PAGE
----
SvelteKit fully embraces the serverless paradigm, and will launch with support for all the major serverless providers, with an 'adapter' API for targeting any platforms that we don't officially cater to. In addition, we'll be able to do partial pre-rendering, which means that static pages can be generated at build time but dynamic ones get rendered on-demand.

a first look at svelteKit

Anthony Campolo - November 6, 2020

The Svelte core team is shifting its efforts to a project known as SvelteKit. It's important to emphasize that the people building Svelte, Sapper, and SvelteKit are all basically the same people. So really nothing drastic is changing here and it's more of a rebrand and namespace migration. Or is it?

In addition to the new name, there is also going to be a larger focus on serverless technology with Svelte now being referred to as a "serverless-first" framework. But to me the most significant change by far is the removal of Rollup and its replacement with Snowpack.

SvelteKit is very new, so new it currently exists mostly in the form of the blog post linked at the beginning of this article. But you can download it and start using it, albeit with many, many caveats attached to it.

Rich Harris talks SvelteKit and the future of web development

Svelte Radio - November 12, 2020

SvelteKit is, in one way it's a successor to Sapper. And you could even think of it as Sapper 1.0, if you like. But in another larger sense, it's our kind of vision for the way that you should build Svelte apps in future.

It’s something that we've been kind of talking about in a peripheral sense for a long time, we've been talking about how we can evolve Sapper to take advantage of some of the recent trends in front end development, particularly the rise of serverless and more recently, the rise of unbundled workflows.

But it all sort of came to a head recently, you know, the pace of development on Sapper had hit a bit of a low, at least until Ben McCann really picked up the baton and started churning through issues. And people were getting a little bit frustrated, I think with the progress. And Anthony is one of those people because he uses Sapper very heavily in his job.

At a certain point, we're like, “What if we just started from scratch?” Like the big rewrite, as opposed to trying to get all of these ideas into what was honestly kind of a watery codebase. I sort of proposed this very hesitantly in the discord thinking everyone was going to yell at me. And instead everyone was like, “Oh, yeah, let's do that.”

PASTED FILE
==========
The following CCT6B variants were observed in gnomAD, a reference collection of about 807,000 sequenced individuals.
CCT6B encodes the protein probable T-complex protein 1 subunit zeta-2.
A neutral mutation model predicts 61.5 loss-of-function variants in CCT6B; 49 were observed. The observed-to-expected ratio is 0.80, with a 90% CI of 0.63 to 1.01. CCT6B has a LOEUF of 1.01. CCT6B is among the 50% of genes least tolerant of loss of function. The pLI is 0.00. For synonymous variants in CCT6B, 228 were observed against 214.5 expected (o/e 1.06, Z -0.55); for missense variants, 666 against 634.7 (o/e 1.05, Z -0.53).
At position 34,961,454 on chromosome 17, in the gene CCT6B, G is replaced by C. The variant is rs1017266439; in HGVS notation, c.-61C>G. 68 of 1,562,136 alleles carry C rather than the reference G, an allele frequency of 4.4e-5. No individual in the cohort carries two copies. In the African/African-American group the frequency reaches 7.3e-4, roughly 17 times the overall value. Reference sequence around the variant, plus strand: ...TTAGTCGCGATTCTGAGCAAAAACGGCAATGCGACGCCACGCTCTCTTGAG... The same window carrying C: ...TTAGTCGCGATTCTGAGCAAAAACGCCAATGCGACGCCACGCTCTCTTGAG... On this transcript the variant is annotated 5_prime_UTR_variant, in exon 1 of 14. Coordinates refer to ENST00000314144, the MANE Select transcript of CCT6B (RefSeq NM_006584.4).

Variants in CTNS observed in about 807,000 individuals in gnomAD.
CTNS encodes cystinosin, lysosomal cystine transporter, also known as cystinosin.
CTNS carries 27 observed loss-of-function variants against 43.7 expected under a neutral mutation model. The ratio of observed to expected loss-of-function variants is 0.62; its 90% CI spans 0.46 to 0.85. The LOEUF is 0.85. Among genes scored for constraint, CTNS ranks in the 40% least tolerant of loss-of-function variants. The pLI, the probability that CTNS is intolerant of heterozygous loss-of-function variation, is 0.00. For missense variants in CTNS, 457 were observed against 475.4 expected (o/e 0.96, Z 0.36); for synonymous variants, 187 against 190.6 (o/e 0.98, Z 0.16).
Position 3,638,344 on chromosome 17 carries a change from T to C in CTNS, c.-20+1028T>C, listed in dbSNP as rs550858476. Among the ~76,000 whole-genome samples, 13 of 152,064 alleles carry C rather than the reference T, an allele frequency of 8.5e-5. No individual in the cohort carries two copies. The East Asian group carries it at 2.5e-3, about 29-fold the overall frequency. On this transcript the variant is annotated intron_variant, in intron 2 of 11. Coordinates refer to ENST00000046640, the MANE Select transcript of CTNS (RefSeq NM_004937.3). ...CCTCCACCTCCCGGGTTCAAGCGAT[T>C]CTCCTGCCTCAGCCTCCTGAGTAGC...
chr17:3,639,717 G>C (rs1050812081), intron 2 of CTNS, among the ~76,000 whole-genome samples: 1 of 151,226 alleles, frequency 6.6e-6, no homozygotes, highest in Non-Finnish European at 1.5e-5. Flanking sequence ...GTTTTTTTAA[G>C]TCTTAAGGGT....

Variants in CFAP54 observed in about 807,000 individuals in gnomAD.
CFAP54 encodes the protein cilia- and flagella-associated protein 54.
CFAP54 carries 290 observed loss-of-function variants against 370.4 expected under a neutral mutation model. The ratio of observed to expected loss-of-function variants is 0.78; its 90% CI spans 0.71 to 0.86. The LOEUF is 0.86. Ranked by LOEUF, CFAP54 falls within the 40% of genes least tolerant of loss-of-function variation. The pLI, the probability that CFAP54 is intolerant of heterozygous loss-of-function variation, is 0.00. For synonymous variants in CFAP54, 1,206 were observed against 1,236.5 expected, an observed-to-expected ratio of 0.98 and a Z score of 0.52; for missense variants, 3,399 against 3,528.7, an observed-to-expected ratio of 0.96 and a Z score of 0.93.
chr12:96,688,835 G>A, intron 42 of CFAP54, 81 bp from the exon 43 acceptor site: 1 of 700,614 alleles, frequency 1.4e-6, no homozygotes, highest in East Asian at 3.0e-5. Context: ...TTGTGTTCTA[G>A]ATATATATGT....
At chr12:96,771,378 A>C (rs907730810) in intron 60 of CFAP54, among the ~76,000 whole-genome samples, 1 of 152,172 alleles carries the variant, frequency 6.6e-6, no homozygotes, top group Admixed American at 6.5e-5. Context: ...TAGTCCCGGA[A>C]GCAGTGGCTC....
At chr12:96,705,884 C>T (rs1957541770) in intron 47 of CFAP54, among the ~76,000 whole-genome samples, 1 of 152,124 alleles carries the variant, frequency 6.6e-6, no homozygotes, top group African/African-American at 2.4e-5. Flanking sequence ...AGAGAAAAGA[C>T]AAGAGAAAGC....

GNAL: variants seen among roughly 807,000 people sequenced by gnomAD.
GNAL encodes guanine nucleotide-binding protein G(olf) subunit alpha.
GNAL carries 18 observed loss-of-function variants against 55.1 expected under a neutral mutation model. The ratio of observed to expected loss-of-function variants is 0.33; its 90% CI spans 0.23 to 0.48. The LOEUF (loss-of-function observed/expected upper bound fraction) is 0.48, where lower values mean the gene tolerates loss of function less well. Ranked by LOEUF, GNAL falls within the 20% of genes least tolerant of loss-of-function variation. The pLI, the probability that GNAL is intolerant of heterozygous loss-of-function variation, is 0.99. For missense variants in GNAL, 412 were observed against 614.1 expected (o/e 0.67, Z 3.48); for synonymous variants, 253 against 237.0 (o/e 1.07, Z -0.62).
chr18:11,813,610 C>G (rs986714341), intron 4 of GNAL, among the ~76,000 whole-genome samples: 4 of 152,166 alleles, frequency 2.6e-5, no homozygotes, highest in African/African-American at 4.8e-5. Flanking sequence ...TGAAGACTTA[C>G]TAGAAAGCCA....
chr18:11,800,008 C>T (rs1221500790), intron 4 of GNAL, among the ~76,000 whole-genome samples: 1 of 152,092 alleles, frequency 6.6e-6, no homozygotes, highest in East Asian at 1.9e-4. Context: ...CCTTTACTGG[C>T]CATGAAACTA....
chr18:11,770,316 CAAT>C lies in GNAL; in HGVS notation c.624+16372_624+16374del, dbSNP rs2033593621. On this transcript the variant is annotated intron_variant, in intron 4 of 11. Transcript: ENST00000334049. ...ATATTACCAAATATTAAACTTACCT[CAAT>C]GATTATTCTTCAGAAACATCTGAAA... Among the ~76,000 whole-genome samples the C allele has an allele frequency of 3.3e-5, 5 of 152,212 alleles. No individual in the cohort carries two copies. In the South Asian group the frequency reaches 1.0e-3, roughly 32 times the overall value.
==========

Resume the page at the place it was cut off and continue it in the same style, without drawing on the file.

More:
@sveltejs/kit on NPM - 1.0.0-next.1

Rich Harris, Conduitry - December 3, 2020

Here be dragons, etc etc.

This project aims to replicate Sapper's functionality in its entirety, minus building for deployment (which can be handled by 'adapters' that do various opinionated things with the output of snowpack build).

Svelte adapter for Netlify (@1.0.0-next.0)

Jasper Moelker - January 24, 2021

Get netlify configuration, defined by user in netlify.toml

module.exports = async function adapter(builder) {
  let netlify_config

  if (fs.existsSync('netlify.toml')) {
    try {
      netlify_config = toml.parse(fs.readFileSync('netlify.toml', 'utf-8'))
    } catch (err) {
      err.message = `Error parsing netlify.toml: ${err.message}`
      throw err

  else {
    throw new Error(
      'Missing a netlify.toml file. Consult'

  if (! || ! || ! {
    throw new Error(
      'You must specify build.publish and build.functions in netlify.toml. Consult'

  // ...code blocks listed below

Enter fullscreen mode Exit fullscreen mode

Publish directory for static hosting

const publish = path.resolve(
Enter fullscreen mode Exit fullscreen mode

Functions directory for cloud functions

const functions = path.resolve(
Enter fullscreen mode Exit fullscreen mode

Copy static and client files to static hosting directory


Enter fullscreen mode Exit fullscreen mode

Copy server files to cloud functions directory

Enter fullscreen mode Exit fullscreen mode

Copy renderer to cloud functions directory

Enter fullscreen mode Exit fullscreen mode

Catch-all route to serverless render function in _redirects file

  '/* /.netlify/functions/render 200'
Enter fullscreen mode Exit fullscreen mode

  'Prerendering static pages...'

await builder.prerender({
  dest: publish
Enter fullscreen mode Exit fullscreen mode

Ben McCann on Sapper and SvelteKit

Svelte Radio - January 25, 2021

Q: On a high level, what is the difference between Sapper and SvelteKit?

The biggest change in my mind is the developer experience. SvelteKit is built on top of Snowpack and esbuild and so you're gonna see compile times be a lot faster. And that's something that's a problem in larger Sapper projects.

You don't notice it necessarily when you start out as a new user with Sapper. But when you start to grow your projects, some of the compile times with Sapper can get to be a bit longer. Our hope is to fix all of those issues and make it a really, really smooth experience with SvelteKit.

SvelteKit, the first ‘serverless-first’ framework?

Jasper Moelker - February 2, 2021

To ensure Svelte runs seamlessly on all [serverless platforms], Svelte will provide an adapter for each. Each adapter does three things:

  1. Copy to the serverless hosting directory Svelte’s:
    • compiled client-side JS bundles
    • other static files
  2. Copy to the serverless functions directory Svelte’s:
    • server-side JS bundles
    • platform specific render function
  3. Create the redirects configuration with a catch-all route to the serverless render function.

The adapter takes platform specific configuration (files) into account.

Top comments (0)